Agrifood firm Cargill has budgeted $22 million to swap out an electric stunning system at its London, Ont. chicken processing plant in favour of a new controlled atmospheric stunning (CAS) system.
The CAS system, expected to be up and running this spring, “will help reduce handling stress with chickens, resulting in a higher-quality, more consistent product,” Claudecir Pagnussatto, the London plant’s general manager, said in a recent release.
The London plant, in business since 1987, has capacity to process about 80,000 chickens a day, supplying customers across Canada.
The move to the new stunning system is meant to help address “growing interest from customers and consumers for continuous improvement in humane handling of food animals,” the company said.
Both electric and CAS stunning systems are “approved, proven and acceptable” for humane poultry harvesting, Cargill said, but “a growing number of consumers and customers are expressing a desire for CAS systems at poultry facilities.”
To stun birds — that is, to render them unconscious before slaughter — using CAS involves depriving birds of oxygen in their transport crates, by introducing high concentrations of carbon dioxide or a mixture of inert gases.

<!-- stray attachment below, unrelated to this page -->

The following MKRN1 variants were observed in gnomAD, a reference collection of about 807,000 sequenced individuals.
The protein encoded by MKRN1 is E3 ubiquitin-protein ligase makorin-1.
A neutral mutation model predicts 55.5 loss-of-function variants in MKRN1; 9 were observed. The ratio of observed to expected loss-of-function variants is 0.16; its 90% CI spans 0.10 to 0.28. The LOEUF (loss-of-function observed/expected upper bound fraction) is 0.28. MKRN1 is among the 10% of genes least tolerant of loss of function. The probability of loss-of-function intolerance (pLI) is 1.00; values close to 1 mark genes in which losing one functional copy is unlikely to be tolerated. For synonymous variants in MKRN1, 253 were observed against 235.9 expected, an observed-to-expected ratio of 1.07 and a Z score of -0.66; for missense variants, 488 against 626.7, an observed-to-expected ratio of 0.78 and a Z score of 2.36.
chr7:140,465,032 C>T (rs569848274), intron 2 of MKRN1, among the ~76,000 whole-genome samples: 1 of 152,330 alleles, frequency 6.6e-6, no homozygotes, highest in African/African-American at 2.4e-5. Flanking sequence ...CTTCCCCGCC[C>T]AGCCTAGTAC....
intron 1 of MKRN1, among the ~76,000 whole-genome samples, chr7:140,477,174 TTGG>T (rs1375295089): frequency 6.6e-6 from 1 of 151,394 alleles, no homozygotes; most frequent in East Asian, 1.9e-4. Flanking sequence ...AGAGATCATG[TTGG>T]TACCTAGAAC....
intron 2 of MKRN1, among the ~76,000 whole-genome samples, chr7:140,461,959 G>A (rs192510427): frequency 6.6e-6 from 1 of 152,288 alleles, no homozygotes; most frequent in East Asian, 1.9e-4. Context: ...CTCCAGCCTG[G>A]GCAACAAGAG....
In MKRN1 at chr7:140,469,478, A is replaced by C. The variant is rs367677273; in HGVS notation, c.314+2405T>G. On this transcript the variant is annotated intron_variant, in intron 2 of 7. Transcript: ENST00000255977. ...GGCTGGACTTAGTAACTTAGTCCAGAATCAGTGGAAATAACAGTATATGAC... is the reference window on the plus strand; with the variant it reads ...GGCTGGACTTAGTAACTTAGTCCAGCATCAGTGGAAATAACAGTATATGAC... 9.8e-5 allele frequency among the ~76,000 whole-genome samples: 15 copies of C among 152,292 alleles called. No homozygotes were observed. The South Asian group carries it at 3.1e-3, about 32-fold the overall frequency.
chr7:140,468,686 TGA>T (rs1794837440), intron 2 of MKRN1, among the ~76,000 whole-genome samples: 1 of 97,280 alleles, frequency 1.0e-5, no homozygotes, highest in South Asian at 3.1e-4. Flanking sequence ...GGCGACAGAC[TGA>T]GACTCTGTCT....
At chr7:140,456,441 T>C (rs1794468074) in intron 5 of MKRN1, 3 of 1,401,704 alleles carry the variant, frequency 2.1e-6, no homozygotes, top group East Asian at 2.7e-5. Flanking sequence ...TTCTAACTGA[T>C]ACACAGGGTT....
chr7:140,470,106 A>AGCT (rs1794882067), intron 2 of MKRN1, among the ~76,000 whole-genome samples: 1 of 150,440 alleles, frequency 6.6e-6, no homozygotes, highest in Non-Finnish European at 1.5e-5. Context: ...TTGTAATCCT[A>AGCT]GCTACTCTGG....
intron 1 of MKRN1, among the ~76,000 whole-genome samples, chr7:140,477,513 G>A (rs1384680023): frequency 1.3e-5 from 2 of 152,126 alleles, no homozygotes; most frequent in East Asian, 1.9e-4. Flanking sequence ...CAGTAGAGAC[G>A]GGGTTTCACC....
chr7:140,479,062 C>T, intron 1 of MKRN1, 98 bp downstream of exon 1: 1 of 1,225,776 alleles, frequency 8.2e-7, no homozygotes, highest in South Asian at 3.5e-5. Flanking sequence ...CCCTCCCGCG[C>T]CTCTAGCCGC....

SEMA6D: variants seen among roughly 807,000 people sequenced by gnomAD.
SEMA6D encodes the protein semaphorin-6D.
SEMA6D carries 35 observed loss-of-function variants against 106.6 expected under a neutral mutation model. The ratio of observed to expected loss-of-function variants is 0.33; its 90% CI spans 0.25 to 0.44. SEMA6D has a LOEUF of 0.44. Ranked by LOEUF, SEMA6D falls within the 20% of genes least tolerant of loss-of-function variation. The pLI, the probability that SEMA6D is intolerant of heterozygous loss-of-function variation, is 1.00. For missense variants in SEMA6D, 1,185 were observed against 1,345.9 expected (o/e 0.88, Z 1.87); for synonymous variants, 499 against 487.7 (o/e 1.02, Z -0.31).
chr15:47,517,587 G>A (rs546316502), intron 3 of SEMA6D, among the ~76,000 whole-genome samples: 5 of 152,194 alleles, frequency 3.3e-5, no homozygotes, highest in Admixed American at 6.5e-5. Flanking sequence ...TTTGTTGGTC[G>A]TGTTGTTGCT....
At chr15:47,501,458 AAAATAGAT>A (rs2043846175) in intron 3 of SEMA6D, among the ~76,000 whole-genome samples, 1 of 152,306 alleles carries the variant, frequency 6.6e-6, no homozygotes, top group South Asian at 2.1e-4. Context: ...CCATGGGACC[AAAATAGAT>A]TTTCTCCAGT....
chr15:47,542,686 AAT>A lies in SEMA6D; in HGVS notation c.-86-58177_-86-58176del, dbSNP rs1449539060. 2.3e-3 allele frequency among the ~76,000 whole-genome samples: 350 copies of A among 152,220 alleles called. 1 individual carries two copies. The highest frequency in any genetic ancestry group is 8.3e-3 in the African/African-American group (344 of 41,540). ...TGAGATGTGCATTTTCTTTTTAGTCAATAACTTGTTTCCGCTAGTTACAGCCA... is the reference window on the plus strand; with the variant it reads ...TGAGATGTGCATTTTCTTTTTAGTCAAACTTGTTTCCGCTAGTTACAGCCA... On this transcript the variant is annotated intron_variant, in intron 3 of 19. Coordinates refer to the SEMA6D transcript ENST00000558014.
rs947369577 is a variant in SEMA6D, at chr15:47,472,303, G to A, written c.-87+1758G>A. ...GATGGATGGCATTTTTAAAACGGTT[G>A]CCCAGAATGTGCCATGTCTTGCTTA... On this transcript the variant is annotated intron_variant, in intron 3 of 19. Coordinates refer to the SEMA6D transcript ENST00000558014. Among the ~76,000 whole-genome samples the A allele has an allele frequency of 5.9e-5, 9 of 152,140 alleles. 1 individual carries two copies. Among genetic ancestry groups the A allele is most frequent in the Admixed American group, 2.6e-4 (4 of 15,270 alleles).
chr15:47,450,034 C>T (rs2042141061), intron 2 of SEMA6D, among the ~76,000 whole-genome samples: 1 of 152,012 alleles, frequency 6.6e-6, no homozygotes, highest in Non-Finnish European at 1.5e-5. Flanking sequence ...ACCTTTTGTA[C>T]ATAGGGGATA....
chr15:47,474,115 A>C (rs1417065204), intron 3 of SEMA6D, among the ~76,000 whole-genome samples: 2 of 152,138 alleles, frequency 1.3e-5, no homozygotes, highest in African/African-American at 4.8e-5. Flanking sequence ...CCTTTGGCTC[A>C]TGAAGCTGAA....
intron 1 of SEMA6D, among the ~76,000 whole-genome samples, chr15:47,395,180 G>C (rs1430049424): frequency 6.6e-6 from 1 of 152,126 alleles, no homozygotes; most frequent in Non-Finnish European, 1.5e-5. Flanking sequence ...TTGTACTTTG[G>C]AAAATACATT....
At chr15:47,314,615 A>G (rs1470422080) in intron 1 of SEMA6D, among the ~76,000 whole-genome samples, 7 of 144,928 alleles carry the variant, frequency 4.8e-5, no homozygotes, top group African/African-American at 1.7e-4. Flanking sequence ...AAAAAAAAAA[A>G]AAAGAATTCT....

Animal welfare organizations such as the Humane Society of the United States and PETA have previously pressed for chicken processors to drop electrical stunning in favour of CAS systems.
U.S. livestock handling expert Dr. Temple Grandin, in a 2013 evaluation of CAS against electrical stunning for poultry, wrote that while insensibility “is not instantaneous” for birds in a CAS system, “overall bird welfare would be improved with gas stunning even if there is some discomfort before the bird loses consciousness.”
If the reactions from chickens to a CAS system are “limited to gasping and head shaking only,” it “would probably be less distressful to the birds than live shackling” for electrical stunning, she wrote.
Grandin, in her evaluation, recommended any commercial-grade CAS system include windows or cameras to allow for direct observation of its performance, which is “the only way to verify that a commercial system is inducing insensibility with a minimum of discomfort.”
Cargill bills itself as a “pioneer” in the use of CAS, having introduced it at a U.S. turkey processing facility more than a decade ago.
Dr. Stephanie Cottee, Cargill’s global head of poultry welfare in London, said in its release that the company is committed to “ensuring the highest standards of animal welfare are maintained and believes all food animals deserve respect and dignity prior to harvesting.” — AGCanada.com Network